COMMUNITY MINDSET: The Design Gym is very active in building and advancing a broader community of creative thinkers and doers (apart from their organizational clients) who are using their creative powers to make a difference in the world. They also have meaningful relationships with diverse clients in the corporate, nonprofit, and startup worlds, which I find inspiring.

ENTREPRENEURIAL CULTURE: It’s easy to talk about the importance of having an entrepreneurial culture, but when you’re a 3 year-old organization, you have to walk the entrepreneurial walk every day. I look forward to the rewards and struggles of being a part of that environment.

5. What are some of the opportunities you are looking forward to in your role?

I thoroughly enjoy being in the “classroom” teaching people about design thinking and innovation. However, this is often only the beginning of the journey. To change group behaviors, it takes a deeper commitment to rethinking and reshaping the broader systems at play in our lives. The opportunity to drive this kind of culture change work for clients is something that I look forward to.

We’re ecstatic to welcome Jason to the team. Want to drop Jason a line? Tweet him @hmm_interesting or Jason.cha@thedesigngym.com.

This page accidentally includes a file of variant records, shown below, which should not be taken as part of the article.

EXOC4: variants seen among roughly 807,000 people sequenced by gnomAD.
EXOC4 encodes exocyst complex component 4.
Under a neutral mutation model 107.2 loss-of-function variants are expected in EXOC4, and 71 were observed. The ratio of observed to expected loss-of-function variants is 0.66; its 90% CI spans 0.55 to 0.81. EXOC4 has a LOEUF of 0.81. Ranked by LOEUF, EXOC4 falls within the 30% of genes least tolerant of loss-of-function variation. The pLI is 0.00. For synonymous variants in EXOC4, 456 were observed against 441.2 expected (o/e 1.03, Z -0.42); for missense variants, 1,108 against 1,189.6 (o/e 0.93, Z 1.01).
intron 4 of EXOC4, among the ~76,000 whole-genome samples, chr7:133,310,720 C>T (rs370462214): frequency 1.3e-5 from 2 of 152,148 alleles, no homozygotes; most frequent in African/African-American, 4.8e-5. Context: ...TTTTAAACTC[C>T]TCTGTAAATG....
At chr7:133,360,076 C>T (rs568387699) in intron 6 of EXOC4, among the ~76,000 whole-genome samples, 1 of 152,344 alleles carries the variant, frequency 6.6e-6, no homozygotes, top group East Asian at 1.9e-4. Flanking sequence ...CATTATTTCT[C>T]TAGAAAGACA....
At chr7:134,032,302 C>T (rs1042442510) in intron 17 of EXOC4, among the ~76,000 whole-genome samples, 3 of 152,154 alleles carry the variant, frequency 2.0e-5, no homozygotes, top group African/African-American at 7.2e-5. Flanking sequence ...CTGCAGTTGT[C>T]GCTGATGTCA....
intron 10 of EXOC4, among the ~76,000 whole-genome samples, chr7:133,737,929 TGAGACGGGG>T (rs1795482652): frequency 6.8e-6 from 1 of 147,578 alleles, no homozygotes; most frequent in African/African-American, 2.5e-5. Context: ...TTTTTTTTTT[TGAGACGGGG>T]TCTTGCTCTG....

Bridging The Gap From Book Smarts To New Starts

Maybe you read a really inspiring design thinking article that got you jonesing for more. Or maybe you had never heard of the concept before your boss approached you about managing its rollout and adoption among your team. However that exposure happened, you were excited about and ready for the opportunity. You brought in resources internally or sought external opportunities—such as sending your team to a workshop—to create a baseline awareness around design thinking tools and garner enthusiasm for using them.

But now, a few months down the line, you’re noticing the level of adoption is not at all where you thought it would be. People aren’t bringing the tools into their everyday jobs at the level you and leadership expected.

You’re witnessing a behavioral breakdown.

Ideas Are Great, Actions Are Better

tweet-graphic-4Ideas are great, actions are better.

We’ve seen this time and again in organizations and it’s completely normal. Rolling out Design Thinking is not a one and done event. It’s a process by which you’re attempting to create a culture change. And that’s no easy task! What’s key is the way in which you tackle it.